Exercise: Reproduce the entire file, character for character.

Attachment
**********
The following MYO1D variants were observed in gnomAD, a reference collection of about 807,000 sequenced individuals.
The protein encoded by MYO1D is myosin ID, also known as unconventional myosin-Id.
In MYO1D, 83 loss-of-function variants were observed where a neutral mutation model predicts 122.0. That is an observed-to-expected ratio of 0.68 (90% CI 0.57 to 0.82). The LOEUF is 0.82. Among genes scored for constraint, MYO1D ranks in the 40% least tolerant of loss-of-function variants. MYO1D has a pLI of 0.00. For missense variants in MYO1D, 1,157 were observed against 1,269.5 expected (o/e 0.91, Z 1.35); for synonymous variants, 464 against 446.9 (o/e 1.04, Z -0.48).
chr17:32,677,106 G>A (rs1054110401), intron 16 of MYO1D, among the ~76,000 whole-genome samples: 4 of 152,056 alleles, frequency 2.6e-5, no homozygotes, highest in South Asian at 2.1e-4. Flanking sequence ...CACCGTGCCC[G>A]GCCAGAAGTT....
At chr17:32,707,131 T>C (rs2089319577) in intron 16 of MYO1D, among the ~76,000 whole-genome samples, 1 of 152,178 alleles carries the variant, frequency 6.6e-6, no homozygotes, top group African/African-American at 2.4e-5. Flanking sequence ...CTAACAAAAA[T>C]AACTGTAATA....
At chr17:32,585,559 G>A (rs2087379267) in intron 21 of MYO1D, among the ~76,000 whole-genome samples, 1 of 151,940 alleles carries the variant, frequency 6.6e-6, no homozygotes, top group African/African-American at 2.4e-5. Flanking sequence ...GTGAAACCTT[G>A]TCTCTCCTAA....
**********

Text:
The following MYO1D variants were observed in gnomAD, a reference collection of about 807,000 sequenced individuals.
The protein encoded by MYO1D is myosin ID, also known as unconventional myosin-Id.
In MYO1D, 83 loss-of-function variants were observed where a neutral mutation model predicts 122.0. That is an observed-to-expected ratio of 0.68 (90% CI 0.57 to 0.82). The LOEUF is 0.82. Among genes scored for constraint, MYO1D ranks in the 40% least tolerant of loss-of-function variants. MYO1D has a pLI of 0.00. For missense variants in MYO1D, 1,157 were observed against 1,269.5 expected (o/e 0.91, Z 1.35); for synonymous variants, 464 against 446.9 (o/e 1.04, Z -0.48).
chr17:32,677,106 G>A (rs1054110401), intron 16 of MYO1D, among the ~76,000 whole-genome samples: 4 of 152,056 alleles, frequency 2.6e-5, no homozygotes, highest in South Asian at 2.1e-4. Flanking sequence ...CACCGTGCCC[G>A]GCCAGAAGTT....
At chr17:32,707,131 T>C (rs2089319577) in intron 16 of MYO1D, among the ~76,000 whole-genome samples, 1 of 152,178 alleles carries the variant, frequency 6.6e-6, no homozygotes, top group African/African-American at 2.4e-5. Flanking sequence ...CTAACAAAAA[T>C]AACTGTAATA....
At chr17:32,585,559 G>A (rs2087379267) in intron 21 of MYO1D, among the ~76,000 whole-genome samples, 1 of 151,940 alleles carries the variant, frequency 6.6e-6, no homozygotes, top group African/African-American at 2.4e-5. Flanking sequence ...GTGAAACCTT[G>A]TCTCTCCTAA....